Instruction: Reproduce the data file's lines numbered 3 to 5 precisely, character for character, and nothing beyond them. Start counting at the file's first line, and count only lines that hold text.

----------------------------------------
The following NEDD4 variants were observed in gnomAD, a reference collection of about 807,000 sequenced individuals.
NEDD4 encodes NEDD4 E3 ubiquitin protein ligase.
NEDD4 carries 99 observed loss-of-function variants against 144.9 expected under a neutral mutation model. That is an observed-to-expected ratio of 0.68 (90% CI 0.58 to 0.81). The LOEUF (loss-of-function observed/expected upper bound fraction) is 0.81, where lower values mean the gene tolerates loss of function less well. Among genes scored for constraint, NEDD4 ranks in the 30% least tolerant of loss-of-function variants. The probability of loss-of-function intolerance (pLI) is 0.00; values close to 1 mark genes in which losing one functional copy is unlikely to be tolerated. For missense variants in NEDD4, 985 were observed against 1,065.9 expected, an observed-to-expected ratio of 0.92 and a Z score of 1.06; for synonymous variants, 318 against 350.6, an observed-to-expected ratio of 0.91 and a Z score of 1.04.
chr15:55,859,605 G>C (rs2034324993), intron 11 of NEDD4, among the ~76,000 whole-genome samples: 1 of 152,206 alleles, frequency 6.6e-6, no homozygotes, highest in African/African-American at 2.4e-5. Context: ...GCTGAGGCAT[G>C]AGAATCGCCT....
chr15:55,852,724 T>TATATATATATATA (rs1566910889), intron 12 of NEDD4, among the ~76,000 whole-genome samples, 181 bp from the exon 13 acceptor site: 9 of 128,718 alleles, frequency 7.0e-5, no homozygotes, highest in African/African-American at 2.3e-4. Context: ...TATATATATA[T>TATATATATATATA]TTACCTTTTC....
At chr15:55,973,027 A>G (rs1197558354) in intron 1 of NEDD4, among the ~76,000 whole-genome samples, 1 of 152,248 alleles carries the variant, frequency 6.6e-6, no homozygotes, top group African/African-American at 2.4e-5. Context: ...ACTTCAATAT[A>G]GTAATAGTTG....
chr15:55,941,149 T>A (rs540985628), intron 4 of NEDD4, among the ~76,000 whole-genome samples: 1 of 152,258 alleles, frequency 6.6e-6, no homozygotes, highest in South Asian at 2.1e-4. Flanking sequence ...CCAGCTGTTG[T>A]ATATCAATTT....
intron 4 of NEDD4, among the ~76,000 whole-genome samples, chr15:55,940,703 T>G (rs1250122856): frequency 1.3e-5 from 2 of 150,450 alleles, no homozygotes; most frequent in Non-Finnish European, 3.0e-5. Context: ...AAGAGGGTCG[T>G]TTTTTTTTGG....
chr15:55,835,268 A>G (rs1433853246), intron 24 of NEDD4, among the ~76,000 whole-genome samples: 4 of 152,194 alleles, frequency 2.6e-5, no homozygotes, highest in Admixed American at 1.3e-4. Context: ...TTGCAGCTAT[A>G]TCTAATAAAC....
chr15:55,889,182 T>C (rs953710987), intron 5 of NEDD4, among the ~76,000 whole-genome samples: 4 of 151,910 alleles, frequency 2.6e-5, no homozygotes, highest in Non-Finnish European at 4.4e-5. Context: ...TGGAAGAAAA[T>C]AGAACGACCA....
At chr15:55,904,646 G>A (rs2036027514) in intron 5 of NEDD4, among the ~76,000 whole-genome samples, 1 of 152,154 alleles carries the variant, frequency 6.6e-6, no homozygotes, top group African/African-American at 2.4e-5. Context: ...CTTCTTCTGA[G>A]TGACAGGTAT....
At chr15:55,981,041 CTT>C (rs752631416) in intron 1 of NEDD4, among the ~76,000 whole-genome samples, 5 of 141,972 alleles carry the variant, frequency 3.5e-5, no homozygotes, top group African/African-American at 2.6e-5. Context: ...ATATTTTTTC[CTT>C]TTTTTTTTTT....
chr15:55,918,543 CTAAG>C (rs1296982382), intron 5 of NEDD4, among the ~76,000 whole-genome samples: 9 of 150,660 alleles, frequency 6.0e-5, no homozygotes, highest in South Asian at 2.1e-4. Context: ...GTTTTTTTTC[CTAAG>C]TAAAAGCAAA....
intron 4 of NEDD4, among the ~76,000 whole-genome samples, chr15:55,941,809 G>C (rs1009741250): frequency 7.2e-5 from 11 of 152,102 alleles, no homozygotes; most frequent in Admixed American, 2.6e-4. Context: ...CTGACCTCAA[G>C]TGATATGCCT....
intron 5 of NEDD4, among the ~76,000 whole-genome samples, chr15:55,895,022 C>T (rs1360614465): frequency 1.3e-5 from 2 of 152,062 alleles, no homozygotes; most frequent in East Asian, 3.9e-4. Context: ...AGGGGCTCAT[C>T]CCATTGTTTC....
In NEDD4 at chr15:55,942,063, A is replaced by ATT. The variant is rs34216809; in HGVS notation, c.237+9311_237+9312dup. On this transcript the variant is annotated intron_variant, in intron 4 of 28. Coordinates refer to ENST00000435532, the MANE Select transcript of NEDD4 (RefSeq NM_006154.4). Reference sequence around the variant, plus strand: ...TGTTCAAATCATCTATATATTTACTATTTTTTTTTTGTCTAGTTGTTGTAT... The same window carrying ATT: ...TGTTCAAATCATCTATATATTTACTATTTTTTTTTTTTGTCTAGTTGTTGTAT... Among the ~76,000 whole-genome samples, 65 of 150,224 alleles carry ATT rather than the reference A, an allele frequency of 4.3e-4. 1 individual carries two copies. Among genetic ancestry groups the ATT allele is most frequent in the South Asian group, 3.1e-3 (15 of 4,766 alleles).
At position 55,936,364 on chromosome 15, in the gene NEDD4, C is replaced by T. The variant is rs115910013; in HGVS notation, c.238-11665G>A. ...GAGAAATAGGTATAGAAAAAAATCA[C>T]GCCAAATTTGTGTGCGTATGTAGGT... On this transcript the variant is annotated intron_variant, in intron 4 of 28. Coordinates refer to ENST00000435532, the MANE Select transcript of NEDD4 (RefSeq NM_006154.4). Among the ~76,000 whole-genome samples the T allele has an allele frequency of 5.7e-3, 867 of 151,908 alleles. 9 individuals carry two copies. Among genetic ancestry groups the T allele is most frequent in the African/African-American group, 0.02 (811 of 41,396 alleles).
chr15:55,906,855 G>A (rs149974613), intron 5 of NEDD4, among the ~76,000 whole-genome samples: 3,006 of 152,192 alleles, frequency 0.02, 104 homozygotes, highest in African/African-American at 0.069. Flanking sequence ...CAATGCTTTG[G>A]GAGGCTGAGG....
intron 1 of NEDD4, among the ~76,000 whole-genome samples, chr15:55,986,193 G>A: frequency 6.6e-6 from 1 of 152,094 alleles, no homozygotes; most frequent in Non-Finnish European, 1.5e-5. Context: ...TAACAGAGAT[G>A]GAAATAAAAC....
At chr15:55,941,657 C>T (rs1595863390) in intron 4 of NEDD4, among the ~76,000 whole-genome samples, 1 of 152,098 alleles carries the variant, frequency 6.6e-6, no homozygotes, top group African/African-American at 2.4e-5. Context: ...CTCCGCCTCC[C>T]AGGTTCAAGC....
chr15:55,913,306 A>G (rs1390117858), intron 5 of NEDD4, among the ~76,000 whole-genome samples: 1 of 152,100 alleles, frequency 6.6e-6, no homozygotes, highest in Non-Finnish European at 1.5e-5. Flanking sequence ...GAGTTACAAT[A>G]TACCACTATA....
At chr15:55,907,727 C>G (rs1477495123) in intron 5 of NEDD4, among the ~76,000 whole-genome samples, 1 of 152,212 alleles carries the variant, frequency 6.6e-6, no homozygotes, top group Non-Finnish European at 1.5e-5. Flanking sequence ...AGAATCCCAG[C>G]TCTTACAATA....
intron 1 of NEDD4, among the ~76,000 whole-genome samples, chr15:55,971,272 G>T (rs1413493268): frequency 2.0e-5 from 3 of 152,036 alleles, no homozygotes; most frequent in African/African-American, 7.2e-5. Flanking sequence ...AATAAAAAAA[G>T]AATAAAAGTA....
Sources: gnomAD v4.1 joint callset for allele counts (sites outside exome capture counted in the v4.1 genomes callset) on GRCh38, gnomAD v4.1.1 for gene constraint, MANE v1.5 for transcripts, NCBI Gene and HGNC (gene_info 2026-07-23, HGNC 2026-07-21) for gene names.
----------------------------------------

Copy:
NEDD4 carries 99 observed loss-of-function variants against 144.9 expected under a neutral mutation model. That is an observed-to-expected ratio of 0.68 (90% CI 0.58 to 0.81). The LOEUF (loss-of-function observed/expected upper bound fraction) is 0.81, where lower values mean the gene tolerates loss of function less well. Among genes scored for constraint, NEDD4 ranks in the 30% least tolerant of loss-of-function variants. The probability of loss-of-function intolerance (pLI) is 0.00; values close to 1 mark genes in which losing one functional copy is unlikely to be tolerated. For missense variants in NEDD4, 985 were observed against 1,065.9 expected, an observed-to-expected ratio of 0.92 and a Z score of 1.06; for synonymous variants, 318 against 350.6, an observed-to-expected ratio of 0.91 and a Z score of 1.04.
chr15:55,859,605 G>C (rs2034324993), intron 11 of NEDD4, among the ~76,000 whole-genome samples: 1 of 152,206 alleles, frequency 6.6e-6, no homozygotes, highest in African/African-American at 2.4e-5. Context: ...GCTGAGGCAT[G>C]AGAATCGCCT....
chr15:55,852,724 T>TATATATATATATA (rs1566910889), intron 12 of NEDD4, among the ~76,000 whole-genome samples, 181 bp from the exon 13 acceptor site: 9 of 128,718 alleles, frequency 7.0e-5, no homozygotes, highest in African/African-American at 2.3e-4. Context: ...TATATATATA[T>TATATATATATATA]TTACCTTTTC....